Denmark's Ministry of Defence has taken another meeting on Gulf of Guinea piracy as attacks in the region show no signs of slowing down.

Danish defence minister Trine Bramsen met with Torm chief executive and Danish Shipping chairman Jacob Meldgaard on Friday to discuss the security situation in the waters off West Africa.

"I’m trying to gather my defence minister colleagues because Denmark cannot tackle this on its own," Bramsen said.

"We need to stand together on this, and that’s what I'll be working for."

There have reportedly been 10 incidents in the Gulf of Guinea in November alone.

Most were boardings resulting in no injuries to seafarers, including an attack on the 50,000-dwt MR tanker Torm Alexandra (built 2010) 300 km south of Cotonou, Benin, on 7 November.

Other incidents had more grave consequences. On Monday, the 400-dwt bunker tanker Stelios K (built 1995) was hijacked offshore of Lome, Togo, and, last Friday, 14 Chinese crew members were kidnapped from the 48,127-dwt heavylift vessel Zhen Hua 7 (built 1998).

On Monday, five seafarers were kidnapped from the 1,700-dwt Ghanaian-owned general cargoship AM Delta (built 1992) offshore Nigeria.

According to the International Maritime Bureau, 95% of all 2020's kidnappings up to the end of September happened in the Gulf of Guinea.

"We had a good, constructive meeting with the minister," Meldgaard said.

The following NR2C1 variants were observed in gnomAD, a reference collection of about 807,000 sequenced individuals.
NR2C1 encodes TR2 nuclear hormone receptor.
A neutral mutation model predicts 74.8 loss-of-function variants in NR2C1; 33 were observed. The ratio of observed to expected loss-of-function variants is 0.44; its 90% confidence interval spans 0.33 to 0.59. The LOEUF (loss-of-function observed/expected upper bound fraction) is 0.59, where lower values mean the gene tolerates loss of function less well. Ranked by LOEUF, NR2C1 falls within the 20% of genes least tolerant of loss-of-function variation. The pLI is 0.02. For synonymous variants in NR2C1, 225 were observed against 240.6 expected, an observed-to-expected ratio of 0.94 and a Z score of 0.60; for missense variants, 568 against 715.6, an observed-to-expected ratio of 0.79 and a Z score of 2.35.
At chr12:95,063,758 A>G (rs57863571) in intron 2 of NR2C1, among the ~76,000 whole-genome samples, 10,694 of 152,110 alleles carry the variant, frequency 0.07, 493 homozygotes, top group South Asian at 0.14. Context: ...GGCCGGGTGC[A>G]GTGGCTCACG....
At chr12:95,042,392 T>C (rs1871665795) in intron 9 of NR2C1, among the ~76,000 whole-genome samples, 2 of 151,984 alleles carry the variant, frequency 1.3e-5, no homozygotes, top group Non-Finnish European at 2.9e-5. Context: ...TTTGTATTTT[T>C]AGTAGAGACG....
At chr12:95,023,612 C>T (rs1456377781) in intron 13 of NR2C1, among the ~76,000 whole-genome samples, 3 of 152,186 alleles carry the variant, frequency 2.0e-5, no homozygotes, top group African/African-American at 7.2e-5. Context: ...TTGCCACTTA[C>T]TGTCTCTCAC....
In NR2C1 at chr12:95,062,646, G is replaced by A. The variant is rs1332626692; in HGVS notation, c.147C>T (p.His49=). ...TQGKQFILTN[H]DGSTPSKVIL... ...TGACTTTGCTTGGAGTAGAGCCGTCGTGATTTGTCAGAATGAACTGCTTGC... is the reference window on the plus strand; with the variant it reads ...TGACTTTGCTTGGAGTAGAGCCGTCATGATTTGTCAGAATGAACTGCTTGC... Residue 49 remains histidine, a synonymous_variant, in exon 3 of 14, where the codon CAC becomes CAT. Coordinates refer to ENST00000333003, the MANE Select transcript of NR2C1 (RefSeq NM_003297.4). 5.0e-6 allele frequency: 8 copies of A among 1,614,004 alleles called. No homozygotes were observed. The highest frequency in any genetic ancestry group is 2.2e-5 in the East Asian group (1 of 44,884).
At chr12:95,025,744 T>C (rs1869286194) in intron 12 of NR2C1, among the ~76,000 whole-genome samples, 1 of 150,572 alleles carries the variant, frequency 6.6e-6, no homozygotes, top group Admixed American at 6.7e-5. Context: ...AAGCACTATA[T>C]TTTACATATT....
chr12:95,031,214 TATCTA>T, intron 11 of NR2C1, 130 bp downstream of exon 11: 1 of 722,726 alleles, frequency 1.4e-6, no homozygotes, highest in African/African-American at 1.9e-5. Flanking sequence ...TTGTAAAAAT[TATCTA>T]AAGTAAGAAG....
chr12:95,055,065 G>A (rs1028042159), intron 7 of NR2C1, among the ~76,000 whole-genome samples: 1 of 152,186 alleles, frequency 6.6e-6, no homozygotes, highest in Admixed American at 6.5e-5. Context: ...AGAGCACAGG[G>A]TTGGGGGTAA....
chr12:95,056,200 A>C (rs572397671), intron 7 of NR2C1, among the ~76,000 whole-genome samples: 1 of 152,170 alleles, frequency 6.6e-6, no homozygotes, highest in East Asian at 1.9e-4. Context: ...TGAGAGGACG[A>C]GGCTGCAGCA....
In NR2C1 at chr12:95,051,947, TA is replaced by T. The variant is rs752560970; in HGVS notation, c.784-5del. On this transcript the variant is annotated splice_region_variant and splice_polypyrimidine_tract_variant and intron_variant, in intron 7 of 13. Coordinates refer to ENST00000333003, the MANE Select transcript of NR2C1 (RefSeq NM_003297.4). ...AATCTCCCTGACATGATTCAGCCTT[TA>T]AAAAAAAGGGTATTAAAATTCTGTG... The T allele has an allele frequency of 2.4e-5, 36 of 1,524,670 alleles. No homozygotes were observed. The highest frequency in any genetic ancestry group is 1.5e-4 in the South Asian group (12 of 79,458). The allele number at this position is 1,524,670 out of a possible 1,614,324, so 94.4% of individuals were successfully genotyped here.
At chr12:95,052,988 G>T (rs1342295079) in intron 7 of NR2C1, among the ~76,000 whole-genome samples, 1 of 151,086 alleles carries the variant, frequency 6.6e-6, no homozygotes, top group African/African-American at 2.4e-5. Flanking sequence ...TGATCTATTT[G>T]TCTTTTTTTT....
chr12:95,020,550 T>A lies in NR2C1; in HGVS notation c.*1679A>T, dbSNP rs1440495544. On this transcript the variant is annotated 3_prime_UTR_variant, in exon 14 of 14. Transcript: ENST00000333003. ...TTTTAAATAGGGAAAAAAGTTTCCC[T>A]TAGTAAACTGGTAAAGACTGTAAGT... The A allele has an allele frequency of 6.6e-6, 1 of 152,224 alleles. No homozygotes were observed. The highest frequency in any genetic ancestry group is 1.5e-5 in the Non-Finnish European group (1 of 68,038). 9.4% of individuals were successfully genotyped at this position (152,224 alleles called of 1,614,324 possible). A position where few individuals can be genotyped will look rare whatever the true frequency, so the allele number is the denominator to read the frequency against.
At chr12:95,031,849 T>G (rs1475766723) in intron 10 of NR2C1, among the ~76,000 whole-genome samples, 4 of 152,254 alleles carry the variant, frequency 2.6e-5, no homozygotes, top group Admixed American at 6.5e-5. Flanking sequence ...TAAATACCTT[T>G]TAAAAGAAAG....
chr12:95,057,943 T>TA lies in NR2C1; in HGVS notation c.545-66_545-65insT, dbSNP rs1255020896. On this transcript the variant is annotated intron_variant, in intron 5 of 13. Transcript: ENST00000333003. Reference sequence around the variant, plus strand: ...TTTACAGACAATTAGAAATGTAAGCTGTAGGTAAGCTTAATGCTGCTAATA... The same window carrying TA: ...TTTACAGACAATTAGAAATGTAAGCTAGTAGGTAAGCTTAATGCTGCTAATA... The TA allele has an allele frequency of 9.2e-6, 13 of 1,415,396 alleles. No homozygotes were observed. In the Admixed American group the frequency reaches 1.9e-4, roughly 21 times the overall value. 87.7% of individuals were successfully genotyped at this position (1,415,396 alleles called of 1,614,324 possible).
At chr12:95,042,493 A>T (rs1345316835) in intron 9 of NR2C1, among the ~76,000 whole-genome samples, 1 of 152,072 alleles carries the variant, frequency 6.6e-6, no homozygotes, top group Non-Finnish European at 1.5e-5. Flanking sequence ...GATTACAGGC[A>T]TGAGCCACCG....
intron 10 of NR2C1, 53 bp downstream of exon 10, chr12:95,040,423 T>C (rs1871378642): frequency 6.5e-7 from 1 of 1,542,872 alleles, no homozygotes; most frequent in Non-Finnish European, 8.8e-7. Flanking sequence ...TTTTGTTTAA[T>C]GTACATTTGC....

"She is clearly concerned with the matter and genuinely interested in helping solve the terrible and unsustainable situation we as shipping companies have long been experiencing in the Gulf of Guinea."

The meeting comes after news last week that Bramsen was aiming to bring together other countries in an effort to fight piracy in the region following a meeting with Danish Shipping chief executive Anne Steffensen.

After the meeting, Steffensen told TradeWinds that it was necessary to build up an international coalition to build a military presence in the region.

She suggested it could operate like the two missions in the Strait of Hormuz — the US-backed International Maritime Security Construct (IMSC) and the European Maritime Awareness in the Strait of Hormuz — launched last year after Iran allegedly began harassing commercial ships.

In heralding its first year in operation, the IMSC said its presence was able to dissuade any "state-sponsored" attacks.